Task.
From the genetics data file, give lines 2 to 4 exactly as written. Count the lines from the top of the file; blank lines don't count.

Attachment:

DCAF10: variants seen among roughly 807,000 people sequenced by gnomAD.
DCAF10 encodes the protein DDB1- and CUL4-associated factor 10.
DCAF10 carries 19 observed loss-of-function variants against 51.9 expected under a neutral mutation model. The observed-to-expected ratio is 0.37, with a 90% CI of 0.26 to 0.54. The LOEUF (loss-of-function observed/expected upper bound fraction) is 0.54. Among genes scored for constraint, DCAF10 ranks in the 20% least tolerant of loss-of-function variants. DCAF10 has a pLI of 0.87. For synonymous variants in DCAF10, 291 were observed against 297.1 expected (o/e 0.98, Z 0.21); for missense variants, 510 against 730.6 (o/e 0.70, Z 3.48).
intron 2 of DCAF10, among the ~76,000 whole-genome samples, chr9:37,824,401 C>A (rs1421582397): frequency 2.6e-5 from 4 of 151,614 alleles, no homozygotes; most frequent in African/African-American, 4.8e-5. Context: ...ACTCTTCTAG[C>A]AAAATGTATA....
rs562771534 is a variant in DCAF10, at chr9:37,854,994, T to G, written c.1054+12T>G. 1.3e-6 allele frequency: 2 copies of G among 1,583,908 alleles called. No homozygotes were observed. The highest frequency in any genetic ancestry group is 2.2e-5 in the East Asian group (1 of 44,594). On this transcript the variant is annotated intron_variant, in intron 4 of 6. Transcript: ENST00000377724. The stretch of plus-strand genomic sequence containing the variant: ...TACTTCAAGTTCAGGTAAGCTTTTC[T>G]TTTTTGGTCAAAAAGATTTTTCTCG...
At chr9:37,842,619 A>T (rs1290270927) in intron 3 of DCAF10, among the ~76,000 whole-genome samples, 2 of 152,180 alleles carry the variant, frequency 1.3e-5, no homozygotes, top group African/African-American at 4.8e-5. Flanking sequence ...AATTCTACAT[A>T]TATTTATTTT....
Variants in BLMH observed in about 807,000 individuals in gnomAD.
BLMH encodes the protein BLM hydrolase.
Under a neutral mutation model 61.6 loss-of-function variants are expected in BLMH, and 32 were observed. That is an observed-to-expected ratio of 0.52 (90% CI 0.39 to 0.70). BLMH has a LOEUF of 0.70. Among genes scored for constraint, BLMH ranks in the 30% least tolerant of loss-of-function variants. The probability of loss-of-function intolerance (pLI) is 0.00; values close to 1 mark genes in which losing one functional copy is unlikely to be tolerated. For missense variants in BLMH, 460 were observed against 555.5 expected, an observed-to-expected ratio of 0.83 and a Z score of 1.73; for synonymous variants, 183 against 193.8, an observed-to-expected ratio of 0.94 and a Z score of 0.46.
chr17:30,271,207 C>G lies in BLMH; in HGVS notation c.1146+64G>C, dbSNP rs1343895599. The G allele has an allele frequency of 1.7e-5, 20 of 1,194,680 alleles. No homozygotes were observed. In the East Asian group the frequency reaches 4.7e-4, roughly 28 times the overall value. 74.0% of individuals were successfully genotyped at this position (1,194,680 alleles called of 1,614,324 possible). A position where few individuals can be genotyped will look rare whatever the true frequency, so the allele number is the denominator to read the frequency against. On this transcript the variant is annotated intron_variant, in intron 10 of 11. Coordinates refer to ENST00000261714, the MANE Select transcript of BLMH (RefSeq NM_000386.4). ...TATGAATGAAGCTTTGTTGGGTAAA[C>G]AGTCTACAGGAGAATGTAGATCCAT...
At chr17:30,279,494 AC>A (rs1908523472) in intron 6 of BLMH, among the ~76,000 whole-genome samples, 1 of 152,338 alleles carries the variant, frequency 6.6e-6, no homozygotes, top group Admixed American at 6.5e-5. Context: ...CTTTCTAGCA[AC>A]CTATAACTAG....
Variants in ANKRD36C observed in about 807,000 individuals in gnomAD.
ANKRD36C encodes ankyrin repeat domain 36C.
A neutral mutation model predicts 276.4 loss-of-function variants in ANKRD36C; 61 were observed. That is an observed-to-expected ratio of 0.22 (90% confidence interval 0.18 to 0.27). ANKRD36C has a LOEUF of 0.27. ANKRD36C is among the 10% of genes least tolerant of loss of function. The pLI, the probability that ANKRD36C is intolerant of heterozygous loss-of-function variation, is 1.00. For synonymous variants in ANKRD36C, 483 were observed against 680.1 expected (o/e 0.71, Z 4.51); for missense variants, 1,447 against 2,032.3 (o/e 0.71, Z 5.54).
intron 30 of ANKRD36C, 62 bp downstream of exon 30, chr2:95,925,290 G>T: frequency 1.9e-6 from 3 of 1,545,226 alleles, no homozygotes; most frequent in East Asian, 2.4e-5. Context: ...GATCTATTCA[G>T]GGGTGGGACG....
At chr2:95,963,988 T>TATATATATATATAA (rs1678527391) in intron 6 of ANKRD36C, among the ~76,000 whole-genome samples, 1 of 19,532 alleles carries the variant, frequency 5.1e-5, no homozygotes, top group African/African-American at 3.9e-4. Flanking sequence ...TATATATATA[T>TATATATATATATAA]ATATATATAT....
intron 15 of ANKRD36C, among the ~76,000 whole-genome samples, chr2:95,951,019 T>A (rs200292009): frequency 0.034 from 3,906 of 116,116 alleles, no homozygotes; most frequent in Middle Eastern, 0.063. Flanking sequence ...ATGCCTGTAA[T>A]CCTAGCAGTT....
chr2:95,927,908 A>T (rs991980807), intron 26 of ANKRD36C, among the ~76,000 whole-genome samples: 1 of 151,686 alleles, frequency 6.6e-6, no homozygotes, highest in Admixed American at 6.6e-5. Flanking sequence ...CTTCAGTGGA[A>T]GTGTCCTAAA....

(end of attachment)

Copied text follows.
DCAF10 encodes the protein DDB1- and CUL4-associated factor 10.
DCAF10 carries 19 observed loss-of-function variants against 51.9 expected under a neutral mutation model. The observed-to-expected ratio is 0.37, with a 90% CI of 0.26 to 0.54. The LOEUF (loss-of-function observed/expected upper bound fraction) is 0.54. Among genes scored for constraint, DCAF10 ranks in the 20% least tolerant of loss-of-function variants. DCAF10 has a pLI of 0.87. For synonymous variants in DCAF10, 291 were observed against 297.1 expected (o/e 0.98, Z 0.21); for missense variants, 510 against 730.6 (o/e 0.70, Z 3.48).
intron 2 of DCAF10, among the ~76,000 whole-genome samples, chr9:37,824,401 C>A (rs1421582397): frequency 2.6e-5 from 4 of 151,614 alleles, no homozygotes; most frequent in African/African-American, 4.8e-5. Context: ...ACTCTTCTAG[C>A]AAAATGTATA....